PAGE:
The Braves need to give Jordan Schafer the job as the starting center fielder.
Jordan Schafer in center makes sense
A year ago, the Braves believed Schafer would take over for Andruw Jones at some point in the 2008 season. They brought in Oakland's Mark Kotsay to bridge the gap, which allowed Schafer to get a bit more development in the minor leagues.
But then Schafer was suspended in April for Human Growth Hormone. It put the brakes on his major league track, and instantly made people wonder if he was, indeed, a legitimate prospect.
When Schafer returned from his 50-game hiatus, he heard the fans. There's nothing like a few inebriated college kids at a minor league game to humble a player a bit. Schafer struggled at first, hitting only .251 in his first 187 at-bats back from the suspension. But then in August, Schafer showed why the Braves never lost faith, as he hit .323 in 99 at-bats with six home runs.
Back in Winter Haven, Fla., Schafer was a hot-shot high school left-handed pitcher. Most big league teams liked him on the mound, but the Braves selected him in the third round of the 2005 draft as an outfielder. They liked his athleticism and his arm, and they felt his bat would come around.
Schafer's first full season was a struggle. He hit only .240 in Rome, but the Braves remained patient. It was after the 2006 season, in the fall Instructional League, where Schafer turned a corner.
The next season, Schafer continued to show improvement with the bat, hitting .312 with 15 home runs between Rome and Myrtle Beach. Schafer's defense continued to shine, letting the Braves know he had a chance to be special.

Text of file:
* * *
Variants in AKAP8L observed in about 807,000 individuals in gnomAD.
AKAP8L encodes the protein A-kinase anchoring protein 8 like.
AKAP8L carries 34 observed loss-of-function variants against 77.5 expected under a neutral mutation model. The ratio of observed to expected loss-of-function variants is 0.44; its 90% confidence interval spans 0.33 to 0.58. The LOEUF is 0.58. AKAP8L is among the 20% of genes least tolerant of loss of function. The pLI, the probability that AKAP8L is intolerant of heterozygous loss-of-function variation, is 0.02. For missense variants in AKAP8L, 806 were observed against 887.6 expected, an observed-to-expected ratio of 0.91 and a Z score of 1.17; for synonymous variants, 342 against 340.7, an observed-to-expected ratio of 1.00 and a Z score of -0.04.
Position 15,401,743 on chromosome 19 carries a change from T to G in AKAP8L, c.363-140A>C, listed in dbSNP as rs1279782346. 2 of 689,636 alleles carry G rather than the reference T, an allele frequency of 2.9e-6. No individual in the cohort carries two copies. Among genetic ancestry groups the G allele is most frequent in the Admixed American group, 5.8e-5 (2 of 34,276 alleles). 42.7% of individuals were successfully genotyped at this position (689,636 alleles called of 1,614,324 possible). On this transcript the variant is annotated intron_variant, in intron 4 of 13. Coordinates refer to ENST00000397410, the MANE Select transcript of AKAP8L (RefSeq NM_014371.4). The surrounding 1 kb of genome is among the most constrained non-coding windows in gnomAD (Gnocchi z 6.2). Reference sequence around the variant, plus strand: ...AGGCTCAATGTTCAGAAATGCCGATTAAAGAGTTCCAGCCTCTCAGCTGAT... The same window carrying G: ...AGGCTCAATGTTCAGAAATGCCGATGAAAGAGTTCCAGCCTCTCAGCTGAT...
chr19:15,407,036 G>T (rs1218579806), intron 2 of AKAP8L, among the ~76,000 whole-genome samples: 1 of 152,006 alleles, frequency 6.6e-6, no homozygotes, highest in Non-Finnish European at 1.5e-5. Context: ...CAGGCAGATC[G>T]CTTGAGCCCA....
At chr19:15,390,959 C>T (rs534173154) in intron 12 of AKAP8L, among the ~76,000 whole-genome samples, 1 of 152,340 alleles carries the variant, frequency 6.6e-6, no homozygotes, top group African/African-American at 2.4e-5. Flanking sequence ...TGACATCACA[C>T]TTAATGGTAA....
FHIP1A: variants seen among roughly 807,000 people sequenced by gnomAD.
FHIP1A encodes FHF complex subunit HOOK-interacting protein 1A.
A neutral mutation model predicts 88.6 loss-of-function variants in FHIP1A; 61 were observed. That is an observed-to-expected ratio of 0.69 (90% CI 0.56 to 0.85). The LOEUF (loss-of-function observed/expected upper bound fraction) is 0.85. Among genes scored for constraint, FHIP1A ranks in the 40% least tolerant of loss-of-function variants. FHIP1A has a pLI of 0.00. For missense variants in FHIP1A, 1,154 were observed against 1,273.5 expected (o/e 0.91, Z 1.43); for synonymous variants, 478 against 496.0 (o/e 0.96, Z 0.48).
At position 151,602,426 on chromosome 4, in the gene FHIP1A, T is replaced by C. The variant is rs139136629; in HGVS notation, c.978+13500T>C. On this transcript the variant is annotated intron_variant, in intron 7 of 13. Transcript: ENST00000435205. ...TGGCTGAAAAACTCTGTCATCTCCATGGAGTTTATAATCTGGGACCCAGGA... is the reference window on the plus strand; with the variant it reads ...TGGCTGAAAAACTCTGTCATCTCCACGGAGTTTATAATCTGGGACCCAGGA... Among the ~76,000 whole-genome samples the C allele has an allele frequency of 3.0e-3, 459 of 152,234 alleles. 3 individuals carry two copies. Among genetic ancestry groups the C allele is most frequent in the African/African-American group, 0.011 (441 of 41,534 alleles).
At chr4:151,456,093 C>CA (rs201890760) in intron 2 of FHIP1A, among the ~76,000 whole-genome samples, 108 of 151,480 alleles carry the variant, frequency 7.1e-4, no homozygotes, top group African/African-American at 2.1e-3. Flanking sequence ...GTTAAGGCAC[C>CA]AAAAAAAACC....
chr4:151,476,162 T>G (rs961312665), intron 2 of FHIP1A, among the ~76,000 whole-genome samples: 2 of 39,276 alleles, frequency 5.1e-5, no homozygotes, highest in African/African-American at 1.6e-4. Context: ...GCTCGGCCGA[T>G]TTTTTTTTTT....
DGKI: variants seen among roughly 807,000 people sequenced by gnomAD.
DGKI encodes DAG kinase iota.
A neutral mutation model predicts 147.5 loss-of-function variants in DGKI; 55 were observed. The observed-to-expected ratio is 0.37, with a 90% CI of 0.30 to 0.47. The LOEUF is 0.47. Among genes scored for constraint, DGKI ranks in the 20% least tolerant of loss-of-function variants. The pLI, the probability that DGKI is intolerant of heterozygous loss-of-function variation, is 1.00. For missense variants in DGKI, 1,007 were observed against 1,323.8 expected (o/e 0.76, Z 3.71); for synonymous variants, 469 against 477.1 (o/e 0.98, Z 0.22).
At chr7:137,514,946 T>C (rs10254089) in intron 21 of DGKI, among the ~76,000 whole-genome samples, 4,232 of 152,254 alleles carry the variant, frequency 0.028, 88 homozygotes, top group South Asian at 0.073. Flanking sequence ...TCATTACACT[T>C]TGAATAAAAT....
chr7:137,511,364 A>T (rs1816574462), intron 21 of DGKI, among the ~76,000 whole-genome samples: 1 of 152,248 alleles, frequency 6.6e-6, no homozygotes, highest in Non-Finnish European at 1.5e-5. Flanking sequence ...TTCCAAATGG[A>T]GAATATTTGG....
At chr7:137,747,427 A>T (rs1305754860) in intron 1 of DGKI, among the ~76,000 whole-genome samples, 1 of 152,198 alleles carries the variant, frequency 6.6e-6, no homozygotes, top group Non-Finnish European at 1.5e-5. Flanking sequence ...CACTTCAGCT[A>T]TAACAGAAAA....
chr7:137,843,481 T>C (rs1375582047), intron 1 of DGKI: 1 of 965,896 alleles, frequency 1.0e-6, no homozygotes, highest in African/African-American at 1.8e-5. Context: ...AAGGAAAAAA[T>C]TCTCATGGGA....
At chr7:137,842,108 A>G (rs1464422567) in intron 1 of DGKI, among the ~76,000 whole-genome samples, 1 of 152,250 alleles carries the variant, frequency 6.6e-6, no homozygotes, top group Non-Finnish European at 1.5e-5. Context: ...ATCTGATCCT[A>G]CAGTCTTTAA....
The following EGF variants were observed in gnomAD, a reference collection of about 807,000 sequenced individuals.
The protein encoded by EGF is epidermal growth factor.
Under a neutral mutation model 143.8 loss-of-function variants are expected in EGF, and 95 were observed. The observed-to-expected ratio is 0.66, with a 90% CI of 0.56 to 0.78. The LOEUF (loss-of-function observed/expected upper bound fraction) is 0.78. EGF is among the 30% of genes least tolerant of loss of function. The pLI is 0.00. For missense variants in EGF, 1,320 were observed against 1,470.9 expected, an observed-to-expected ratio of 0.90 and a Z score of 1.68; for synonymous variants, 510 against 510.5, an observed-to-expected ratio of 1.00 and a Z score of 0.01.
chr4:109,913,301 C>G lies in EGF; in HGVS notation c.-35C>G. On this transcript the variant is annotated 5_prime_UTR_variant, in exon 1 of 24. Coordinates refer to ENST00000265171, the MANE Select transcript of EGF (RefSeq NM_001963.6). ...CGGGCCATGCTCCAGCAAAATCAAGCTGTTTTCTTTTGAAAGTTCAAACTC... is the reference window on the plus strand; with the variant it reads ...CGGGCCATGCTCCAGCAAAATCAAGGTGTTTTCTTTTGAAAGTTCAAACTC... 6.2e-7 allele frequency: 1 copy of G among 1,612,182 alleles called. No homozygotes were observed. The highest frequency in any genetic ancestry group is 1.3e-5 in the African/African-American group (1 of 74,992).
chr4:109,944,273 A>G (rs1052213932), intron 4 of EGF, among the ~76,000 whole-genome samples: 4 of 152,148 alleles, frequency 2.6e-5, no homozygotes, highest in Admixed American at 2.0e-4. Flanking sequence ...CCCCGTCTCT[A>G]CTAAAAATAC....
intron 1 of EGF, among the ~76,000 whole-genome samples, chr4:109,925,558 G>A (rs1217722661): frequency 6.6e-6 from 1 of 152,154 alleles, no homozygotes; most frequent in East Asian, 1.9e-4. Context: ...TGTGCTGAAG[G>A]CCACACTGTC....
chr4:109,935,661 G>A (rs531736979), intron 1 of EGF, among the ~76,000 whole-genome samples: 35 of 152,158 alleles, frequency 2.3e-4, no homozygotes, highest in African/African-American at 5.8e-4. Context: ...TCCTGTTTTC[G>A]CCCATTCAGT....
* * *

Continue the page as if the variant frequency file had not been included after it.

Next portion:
Then last spring, Schafer came into camp cocky and made his future teammates wonder who he really was. There's nothing more a veteran hates than seeing a prospect who really hasn't done anything believe he's the real deal. Show them on the field, not by walking around the clubhouse with a strut.
The suspension changed all of that. Schafer came to camp this spring wanting to make an impression. Coaches immediately noticed a difference. Instead of the cockiness, there was a confidence. Schafer knew he had the chance to change a lot of minds.
He did that by hitting the ball well in Florida from day one. Taking a week off with a shoulder problem did nothing to slow Schafer down, and in the past few weeks, he has been hitting near .400 in the Grapefruit League.
Schafer's great spring made the Braves ask the toughest question a front office has to answer: is this prospect ready for the big leagues?
"The primary consideration any time you have a young player making the jump is, are they ready emotionally and are they ready physically?" general manager Frank Wren said. "I don't think there's any doubt Jordan is ready physically to play at the major league level. But the emotional part is a much bigger test than the physical."
And with his improved attitude this spring, Schafer showed the Braves he is ready for the challenge. He is going to struggle a bit, all rookies do. But just wait until you see Schafer cover the territory in center field or show off his tremendous arm. You'll realize what a good decision the Braves made in trading Anderson and giving Schafer the job.
Bill Shanks hosts The Bill Shanks Show on WFSM Fox Sports 1670 in Macon, Georgia and The Braves Show Talk Show. Shanks writes a weekly baseball column for The Macon Telegraph and is the author of Scout's Honor: The Bravest Way To Build A Winning Team. You can email Bill at firstname.lastname@example.org.
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